Challenges: now that we've launched we need to change our operational dynamic. Before launch, we were a team focused on a fixed project goal. Now we need to find a weekly and monthly rhythm for the company. There are things that need to be done each week, such as the newsletter production and promotion. We've been executing with natural talent up to now, but the time has come to put repeatable structures in place. This is going to take a lot of effort, and needs to be balanced with the need to keep moving the product forward.

Runway: this diary is all about openness, but there are still some lines we can't cross. I'm not going to publish monthly management accounts in a national newspaper! That said, you can always go to the Companies Registration Office, cro.ie, and get all the numbers for voxgig anyway. Last year's numbers at least. The only thing I will say is what I said the last time - at the moment we have two years' runway.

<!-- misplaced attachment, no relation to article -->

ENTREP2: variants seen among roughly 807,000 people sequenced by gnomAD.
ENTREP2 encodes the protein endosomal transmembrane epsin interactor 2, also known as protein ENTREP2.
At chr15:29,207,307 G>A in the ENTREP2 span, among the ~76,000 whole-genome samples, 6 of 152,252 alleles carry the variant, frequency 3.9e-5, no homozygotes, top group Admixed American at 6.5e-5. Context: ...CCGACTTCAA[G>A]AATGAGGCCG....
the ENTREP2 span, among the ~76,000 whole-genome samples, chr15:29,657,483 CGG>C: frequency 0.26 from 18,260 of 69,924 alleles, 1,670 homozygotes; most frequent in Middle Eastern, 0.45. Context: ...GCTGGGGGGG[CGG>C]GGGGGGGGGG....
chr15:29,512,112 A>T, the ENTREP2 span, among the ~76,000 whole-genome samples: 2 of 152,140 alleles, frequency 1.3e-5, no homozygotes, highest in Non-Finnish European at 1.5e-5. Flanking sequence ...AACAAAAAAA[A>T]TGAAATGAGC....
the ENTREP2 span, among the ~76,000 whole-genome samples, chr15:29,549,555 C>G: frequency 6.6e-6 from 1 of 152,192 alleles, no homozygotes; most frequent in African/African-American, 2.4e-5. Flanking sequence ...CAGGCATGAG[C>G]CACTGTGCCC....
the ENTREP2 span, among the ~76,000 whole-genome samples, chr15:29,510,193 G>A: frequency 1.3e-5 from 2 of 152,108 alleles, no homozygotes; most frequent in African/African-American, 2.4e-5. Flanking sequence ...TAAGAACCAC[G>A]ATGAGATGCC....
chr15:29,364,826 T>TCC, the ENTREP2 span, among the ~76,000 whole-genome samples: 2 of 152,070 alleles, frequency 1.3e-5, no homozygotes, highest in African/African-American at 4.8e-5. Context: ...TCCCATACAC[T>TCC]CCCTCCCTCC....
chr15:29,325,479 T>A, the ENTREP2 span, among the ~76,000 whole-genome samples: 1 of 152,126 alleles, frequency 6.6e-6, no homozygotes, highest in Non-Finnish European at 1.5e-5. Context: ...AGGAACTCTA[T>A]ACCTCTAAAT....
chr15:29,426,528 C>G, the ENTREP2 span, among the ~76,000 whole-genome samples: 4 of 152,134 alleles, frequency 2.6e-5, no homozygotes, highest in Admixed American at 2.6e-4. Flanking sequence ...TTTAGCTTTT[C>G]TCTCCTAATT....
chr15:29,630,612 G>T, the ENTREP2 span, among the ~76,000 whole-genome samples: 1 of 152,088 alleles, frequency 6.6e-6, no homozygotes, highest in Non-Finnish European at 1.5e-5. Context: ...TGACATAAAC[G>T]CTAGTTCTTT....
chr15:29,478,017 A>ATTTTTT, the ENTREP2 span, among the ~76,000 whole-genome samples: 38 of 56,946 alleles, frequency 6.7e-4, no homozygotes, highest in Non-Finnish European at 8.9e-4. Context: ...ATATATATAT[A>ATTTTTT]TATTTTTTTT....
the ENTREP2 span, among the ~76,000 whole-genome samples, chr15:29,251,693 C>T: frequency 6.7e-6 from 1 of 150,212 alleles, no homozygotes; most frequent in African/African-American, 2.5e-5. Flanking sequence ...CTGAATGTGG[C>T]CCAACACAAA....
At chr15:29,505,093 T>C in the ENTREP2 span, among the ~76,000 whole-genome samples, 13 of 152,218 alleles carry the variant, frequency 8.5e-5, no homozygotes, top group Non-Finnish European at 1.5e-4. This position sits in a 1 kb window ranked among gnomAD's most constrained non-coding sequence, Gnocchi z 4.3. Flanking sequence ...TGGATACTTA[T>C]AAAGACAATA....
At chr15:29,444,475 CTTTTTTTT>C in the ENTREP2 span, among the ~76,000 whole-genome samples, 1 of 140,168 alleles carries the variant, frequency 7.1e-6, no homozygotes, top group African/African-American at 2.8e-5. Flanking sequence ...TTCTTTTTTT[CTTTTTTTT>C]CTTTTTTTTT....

If you do hunger for an even more extreme version of what I'm doing here, check out buffer.com/transparency. Buffer is a social account management system, and they believe in total transparency: salaries, revenue, source code, the lot. It's a hugely valuable insight into a growth stage startup.

Finally, asking for help: well you do that already, just by reading this column - thank you all for the feedback over the last few months!

Richard Rodger is the founder of voxgig. He is a former co-founder of NearForm, a technology consultancy firm based in Waterford.